1. You taste good.
2. You are typically priced reasonably.
So, two ways. However, they are important ways, as I'm sure you'll agree.
In my continuing quest to taste every Yichanghao cake ever made (I jest), it is with a feeling of gratitude that I plump myself down at the tea-table to enjoy this latest provision from the seemingly endless shelves of Keng, our tea-chum from Singapore.
This is a "special production" Yichanghao, and some indication of this status may be gleaned from the fact that the characters for "Yichanghao" have been displaced into a small font, to make way for the rather poncy "Junlin Tianxia" [joon-lin tian-shee'a, the Emperor rules all under heaven]. The bing name, across the top of the wrapper, is "chazhong wangcha" [tea-centre king-tea]. These are not subtle, self-depreciatingly humble names. These are pompous, grandiloquent phrases designed to provide "face". It is not beyond the bounds of reasoning to assume that these have been produced for a tea merchant of the usual Chinese taste for ostentation.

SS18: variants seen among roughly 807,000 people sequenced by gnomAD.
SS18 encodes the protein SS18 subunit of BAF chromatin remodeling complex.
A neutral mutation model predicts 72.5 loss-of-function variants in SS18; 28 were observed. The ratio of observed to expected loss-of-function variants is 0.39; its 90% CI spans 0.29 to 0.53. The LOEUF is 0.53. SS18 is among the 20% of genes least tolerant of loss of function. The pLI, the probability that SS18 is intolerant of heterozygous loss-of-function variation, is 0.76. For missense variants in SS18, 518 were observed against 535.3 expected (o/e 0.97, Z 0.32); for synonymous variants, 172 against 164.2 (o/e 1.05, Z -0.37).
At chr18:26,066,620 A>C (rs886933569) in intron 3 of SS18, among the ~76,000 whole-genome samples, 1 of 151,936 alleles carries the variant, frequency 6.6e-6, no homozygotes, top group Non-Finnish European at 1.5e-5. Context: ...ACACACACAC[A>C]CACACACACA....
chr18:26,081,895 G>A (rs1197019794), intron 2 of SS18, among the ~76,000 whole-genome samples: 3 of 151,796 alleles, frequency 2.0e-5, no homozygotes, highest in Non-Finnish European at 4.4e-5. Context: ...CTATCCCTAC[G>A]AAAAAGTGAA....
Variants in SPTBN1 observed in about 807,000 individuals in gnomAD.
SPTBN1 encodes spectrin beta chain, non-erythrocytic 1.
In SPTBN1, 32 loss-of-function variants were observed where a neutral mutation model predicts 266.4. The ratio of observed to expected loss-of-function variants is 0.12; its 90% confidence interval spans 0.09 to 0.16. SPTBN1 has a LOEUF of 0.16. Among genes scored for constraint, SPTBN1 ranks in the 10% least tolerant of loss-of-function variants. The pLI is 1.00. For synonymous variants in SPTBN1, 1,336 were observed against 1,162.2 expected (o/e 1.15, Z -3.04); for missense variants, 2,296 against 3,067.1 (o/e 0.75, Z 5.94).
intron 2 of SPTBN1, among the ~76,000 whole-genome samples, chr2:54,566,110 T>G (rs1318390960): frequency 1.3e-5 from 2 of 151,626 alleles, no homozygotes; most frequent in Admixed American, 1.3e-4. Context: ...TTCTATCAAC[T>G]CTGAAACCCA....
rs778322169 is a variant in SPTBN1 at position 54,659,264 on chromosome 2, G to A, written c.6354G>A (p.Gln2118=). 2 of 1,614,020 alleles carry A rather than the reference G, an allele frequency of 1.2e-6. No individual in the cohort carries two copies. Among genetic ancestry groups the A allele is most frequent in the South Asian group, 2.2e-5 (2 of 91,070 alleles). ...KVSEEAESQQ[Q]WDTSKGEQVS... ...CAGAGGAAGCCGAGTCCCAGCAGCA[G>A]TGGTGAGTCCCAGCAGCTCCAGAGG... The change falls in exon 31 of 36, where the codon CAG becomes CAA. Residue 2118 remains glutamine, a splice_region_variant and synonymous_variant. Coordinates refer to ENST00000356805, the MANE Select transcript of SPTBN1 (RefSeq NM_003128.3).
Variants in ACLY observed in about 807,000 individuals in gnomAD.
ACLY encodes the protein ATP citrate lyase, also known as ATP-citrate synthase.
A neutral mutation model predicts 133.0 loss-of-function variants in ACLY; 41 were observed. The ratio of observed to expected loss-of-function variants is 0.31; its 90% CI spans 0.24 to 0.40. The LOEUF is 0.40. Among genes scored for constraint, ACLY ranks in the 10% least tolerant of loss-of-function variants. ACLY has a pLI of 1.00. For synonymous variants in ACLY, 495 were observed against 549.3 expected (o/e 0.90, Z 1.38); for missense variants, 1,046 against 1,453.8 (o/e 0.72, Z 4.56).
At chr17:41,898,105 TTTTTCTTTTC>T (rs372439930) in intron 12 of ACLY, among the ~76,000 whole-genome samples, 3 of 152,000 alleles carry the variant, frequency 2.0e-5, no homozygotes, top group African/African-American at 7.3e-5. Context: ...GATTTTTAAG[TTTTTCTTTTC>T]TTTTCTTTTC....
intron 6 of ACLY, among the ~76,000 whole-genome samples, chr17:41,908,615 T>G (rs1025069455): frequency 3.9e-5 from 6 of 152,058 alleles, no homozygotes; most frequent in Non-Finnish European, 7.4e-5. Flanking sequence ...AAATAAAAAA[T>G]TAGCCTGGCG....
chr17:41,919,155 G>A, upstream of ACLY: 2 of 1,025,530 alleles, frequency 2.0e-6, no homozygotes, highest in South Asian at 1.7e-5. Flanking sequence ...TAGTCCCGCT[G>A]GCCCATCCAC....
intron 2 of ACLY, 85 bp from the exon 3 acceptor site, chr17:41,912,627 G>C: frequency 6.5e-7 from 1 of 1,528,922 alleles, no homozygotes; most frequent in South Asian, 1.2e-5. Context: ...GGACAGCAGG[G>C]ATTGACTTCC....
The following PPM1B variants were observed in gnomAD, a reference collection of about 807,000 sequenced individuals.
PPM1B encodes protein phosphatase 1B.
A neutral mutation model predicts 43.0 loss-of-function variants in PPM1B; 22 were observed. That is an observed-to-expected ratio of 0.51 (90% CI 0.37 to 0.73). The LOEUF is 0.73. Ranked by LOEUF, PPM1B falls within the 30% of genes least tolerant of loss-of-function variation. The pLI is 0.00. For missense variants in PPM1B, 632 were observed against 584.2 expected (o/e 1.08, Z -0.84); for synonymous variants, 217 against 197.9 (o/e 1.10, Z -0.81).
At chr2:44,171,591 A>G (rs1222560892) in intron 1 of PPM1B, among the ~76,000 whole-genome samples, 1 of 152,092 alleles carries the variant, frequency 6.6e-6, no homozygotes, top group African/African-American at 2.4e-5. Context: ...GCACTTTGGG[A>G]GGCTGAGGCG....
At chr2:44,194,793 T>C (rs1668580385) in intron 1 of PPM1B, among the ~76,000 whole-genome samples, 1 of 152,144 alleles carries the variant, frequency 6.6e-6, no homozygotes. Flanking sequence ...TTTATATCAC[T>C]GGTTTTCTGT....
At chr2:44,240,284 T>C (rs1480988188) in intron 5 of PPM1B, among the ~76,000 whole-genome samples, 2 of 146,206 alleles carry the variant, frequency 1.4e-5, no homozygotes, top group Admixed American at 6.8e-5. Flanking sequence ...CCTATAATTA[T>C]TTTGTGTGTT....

Grand though the name may be, this cake does at least look the part. What say you? Those leaves are long and luxurious.
I use plenty of leaves and the result is a highly cooling, sweet, and woody brew. It has a wide range of characteristics, from candy sweetness to a drawn-out finish of tight, sweet woodiness. The body is smooth; the soup is orange, but clean.
Seemingly impossible to overbrew (and I tried), it requires longer and longer infusions in order to maintain the charm of earlier rounds of brewing. It is a lovely cake, but too reticent to give me much hope for the future. After five infusions, it is a conflict of man vs. bing to get a solid brew out of the pot.
The spent leaves, pictured above, are not excessively red, but what colour there is present in the blend is not uniformly distributed: some laeves are wholly tinged orange, while some are green. This clear blending corresponds with my prior expectation for "made-for-vendor" teas, which need to be grand and instantly appealing, and which therefore lack endurance and the ability to provide much hope for storage.
It is elegant and well-produced. At approximately 250 RMB (around $35) from various Taobao sellers, it is nicely priced. As it stands, this tea would make an excellent gift, but probably isn't something one would wish to buy in any quantity.